So the conclusion? How to keep on travelling?  First of all: work whenever you have the change. Even if you don’t really have to work but you are still settling down for a few months, you should find a job. You will be grateful in the end as it will keep you on the road for a long strecht.
Second: don’t spend all your earnings on crap you don’t need. In matter of fact, try to safe up as much as possible. Let’s be honest, do you really need to have 6 pairs of shoes? And third: work and travel your own way. I have met many backpackers who either work 10 hours a day, 7 days a week, or people who don’t work and be drunk every night. These are 2 complete different examples of how you can travel. Most important is that you do it your way. If you don’t feel comfortable working 7 days a week, than don’t. Keep things fun; it is your journey.

Bed versus Couch

Probably you just had your INKOM and either had your own room or stayed at a friend’s place. During my first introduction week, I had a girl from my group staying at my flat for a week, until she had find her own 8m2 room. Perhaps you can consider this as my very first Couchsurfing experience. It turned out well: she is still one of my best friends.

If you are not familiar with Couchsurfing and are looking for alternative ways to travel, than this might be a good option. The Couchsurfing community has been esthablished in 2003 as a nonprofit organization. At the moment, it has over 5.5 million members, being active in 97 000 different cities, in 207 countries. It is a worldwide platform for local hosts and nomads. Hosts offer their so-called Couch to travellers, in return of a home-cooked meal or other favour, such as painting a wall. The website creates an opportunity for international voyagers to connect with the locals and to come closer with the culture of the country.

The thing that makes Couchsurfing special is that it is completely based on trust and mutual respect. There is no money involved and often even not appreciated. The cultural exchange and unique experience are more important.  The mission is “[…] a world made better by travel and travel made richer by connection. Couchsurfers share their lives with the people they encounter, fostering cultural exchange and mutual respect.”(http://www.couchsurfing.com/about/about-us/) The more you interact with the local community, the more special your journey will become in return.

Personally, I cannot agree more with the statement, especially after my own experiences with Couchsurfing. Last year I have travelled through Singapore and Java (Indonesia) with this service and it was the best decision I have ever made. I ended up teaching English in the slums of Jakarta, got on a radio show in Yogjakarta and attended a traditional Indonesian wedding. These specials moments enhanched my journey.

If you don’t like the idea of melting in with the local culture too much or you would like to have your own private room – with Couchsurfing it is usually a surprise how your bed looks like – than I can advice you to have a look at AirBnB. The American firm was erected in 2008 by 2 friends who thought it was a good idea to rent out a spare room out to travellers. They would only stay for a short time so they pumped up some airbeds and the idea of Airbed and Breakfast came into being. Today, AirBnB is almost as big as the Hilton Hotel group, with 3 million guests, booking 10 million nights in 34 000 cities, across 190 countries. Different from Couchsurfing, this is a paid service. You pay the house-owner and AirBnB gets 3% of the fee for bringing the renter and owner in contact.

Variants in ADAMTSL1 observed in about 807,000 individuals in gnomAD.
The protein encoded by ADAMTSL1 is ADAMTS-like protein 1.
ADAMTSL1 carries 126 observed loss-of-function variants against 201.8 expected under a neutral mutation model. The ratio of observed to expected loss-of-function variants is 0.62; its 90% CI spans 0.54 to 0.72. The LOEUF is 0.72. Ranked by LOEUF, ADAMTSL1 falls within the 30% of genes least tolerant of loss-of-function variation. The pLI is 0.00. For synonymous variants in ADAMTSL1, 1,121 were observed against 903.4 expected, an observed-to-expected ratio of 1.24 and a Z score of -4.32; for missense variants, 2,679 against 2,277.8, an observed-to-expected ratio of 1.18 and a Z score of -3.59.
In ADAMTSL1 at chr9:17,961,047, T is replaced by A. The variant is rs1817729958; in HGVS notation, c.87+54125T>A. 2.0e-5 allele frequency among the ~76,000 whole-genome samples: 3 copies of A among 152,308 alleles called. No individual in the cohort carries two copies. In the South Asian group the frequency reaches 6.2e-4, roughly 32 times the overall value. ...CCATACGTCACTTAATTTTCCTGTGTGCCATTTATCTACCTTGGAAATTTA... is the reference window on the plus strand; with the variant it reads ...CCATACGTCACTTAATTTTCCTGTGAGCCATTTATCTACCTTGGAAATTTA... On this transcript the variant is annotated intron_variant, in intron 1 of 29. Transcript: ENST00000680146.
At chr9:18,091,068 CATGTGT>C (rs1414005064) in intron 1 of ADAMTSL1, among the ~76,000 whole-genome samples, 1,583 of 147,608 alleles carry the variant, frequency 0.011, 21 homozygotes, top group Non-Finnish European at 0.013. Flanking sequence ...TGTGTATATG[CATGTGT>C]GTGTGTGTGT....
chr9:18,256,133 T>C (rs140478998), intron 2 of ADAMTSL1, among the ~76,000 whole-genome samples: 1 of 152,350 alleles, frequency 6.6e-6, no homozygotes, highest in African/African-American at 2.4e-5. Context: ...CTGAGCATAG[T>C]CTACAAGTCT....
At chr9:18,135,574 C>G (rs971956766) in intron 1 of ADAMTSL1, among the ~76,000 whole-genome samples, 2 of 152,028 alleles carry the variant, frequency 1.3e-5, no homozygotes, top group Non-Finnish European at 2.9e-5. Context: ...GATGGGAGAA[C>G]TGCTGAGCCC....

AirBnB provides an easy way for locals who have a room to spare and would like to earn a little bit extra, cover their rent or would like to meet new people. When you want to stay somewhere but don’t like the high prices hotels offer you, you simply pop online and have a look if there is anything cheap available – very often AirBnB is more affordable than most hotels and hostels.

The different options between private room, shared apartment or a complete house for yourself, make it easy to choose your level of communication you wish to enquire. Whether you want a private castle or a cupboard, you probably can find it on AirBnB. Another plus, especially for highly touristic areas, is that you know where exactly at what location you will end up. Than you are sure that you won’t spend heaps of money on public transport to get to that one particulair church.

So what are the main differences and similarities between these services?

The biggest difference between them is their mission. Couchsurfing is completely based on trust, cultural exchange and social. No money on the table, only favours. If you are thinking “but buying ingredients to cook a meal costs money too!” than you are better of going to a hostel and Couchsurfing is not your thing. It is not about money, it is about being grateful for the unique experience hosts provide you. And that doesn’t have a price tag.

AirBnB’s mission is more commercial and can be seen as a hospitality company. “Unlocking unique spaces, worldwide.” Connecting. Creating. Sharing. Making money. Saving Money. The intension is not necessarily social, however, it is still a good alternative next to standard hotels, as each AirBnB room is different. It opens unique doors, at unique locations.

In my opinion, the most important similarity is the communual idea of sharing. Either you share culture, your couch or inside information, it doesn’t matter, you are sharing something. In that case, it makes an unique way to travel and to explore new places. Choose the way you feel comfortable with. Make your travel experience unique. Make it count.